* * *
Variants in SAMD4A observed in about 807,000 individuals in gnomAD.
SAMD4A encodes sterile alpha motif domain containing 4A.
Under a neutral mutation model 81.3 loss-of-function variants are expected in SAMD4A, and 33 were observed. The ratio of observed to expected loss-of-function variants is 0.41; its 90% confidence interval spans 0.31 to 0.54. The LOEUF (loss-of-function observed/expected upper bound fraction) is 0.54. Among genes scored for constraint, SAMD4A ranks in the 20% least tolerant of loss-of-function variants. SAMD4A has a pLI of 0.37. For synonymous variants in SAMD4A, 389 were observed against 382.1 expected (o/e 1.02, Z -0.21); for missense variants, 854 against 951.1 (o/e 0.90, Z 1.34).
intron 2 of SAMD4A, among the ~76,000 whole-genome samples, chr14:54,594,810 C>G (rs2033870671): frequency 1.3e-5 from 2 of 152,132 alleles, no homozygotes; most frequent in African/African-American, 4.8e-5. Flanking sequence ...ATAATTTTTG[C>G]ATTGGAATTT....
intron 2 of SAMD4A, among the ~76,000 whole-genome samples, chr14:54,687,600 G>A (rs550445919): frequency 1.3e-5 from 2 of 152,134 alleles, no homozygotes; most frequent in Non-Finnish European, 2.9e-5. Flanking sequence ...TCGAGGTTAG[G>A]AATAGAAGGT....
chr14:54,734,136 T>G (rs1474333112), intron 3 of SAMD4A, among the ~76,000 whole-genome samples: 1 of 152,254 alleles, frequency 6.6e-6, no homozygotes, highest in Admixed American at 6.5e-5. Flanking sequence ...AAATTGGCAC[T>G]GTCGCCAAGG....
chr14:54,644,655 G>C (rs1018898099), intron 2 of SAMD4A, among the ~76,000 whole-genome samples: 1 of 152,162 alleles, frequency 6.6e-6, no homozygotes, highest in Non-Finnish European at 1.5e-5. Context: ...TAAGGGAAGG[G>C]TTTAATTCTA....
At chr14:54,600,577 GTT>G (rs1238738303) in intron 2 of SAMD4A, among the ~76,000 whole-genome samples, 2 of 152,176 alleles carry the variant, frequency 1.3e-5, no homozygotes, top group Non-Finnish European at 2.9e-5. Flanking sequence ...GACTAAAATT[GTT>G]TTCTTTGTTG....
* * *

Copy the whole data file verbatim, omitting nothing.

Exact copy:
Variants in SAMD4A observed in about 807,000 individuals in gnomAD.
SAMD4A encodes sterile alpha motif domain containing 4A.
Under a neutral mutation model 81.3 loss-of-function variants are expected in SAMD4A, and 33 were observed. The ratio of observed to expected loss-of-function variants is 0.41; its 90% confidence interval spans 0.31 to 0.54. The LOEUF (loss-of-function observed/expected upper bound fraction) is 0.54. Among genes scored for constraint, SAMD4A ranks in the 20% least tolerant of loss-of-function variants. SAMD4A has a pLI of 0.37. For synonymous variants in SAMD4A, 389 were observed against 382.1 expected (o/e 1.02, Z -0.21); for missense variants, 854 against 951.1 (o/e 0.90, Z 1.34).
intron 2 of SAMD4A, among the ~76,000 whole-genome samples, chr14:54,594,810 C>G (rs2033870671): frequency 1.3e-5 from 2 of 152,132 alleles, no homozygotes; most frequent in African/African-American, 4.8e-5. Flanking sequence ...ATAATTTTTG[C>G]ATTGGAATTT....
intron 2 of SAMD4A, among the ~76,000 whole-genome samples, chr14:54,687,600 G>A (rs550445919): frequency 1.3e-5 from 2 of 152,134 alleles, no homozygotes; most frequent in Non-Finnish European, 2.9e-5. Flanking sequence ...TCGAGGTTAG[G>A]AATAGAAGGT....
chr14:54,734,136 T>G (rs1474333112), intron 3 of SAMD4A, among the ~76,000 whole-genome samples: 1 of 152,254 alleles, frequency 6.6e-6, no homozygotes, highest in Admixed American at 6.5e-5. Flanking sequence ...AAATTGGCAC[T>G]GTCGCCAAGG....
chr14:54,644,655 G>C (rs1018898099), intron 2 of SAMD4A, among the ~76,000 whole-genome samples: 1 of 152,162 alleles, frequency 6.6e-6, no homozygotes, highest in Non-Finnish European at 1.5e-5. Context: ...TAAGGGAAGG[G>C]TTTAATTCTA....
At chr14:54,600,577 GTT>G (rs1238738303) in intron 2 of SAMD4A, among the ~76,000 whole-genome samples, 2 of 152,176 alleles carry the variant, frequency 1.3e-5, no homozygotes, top group Non-Finnish European at 2.9e-5. Flanking sequence ...GACTAAAATT[GTT>G]TTCTTTGTTG....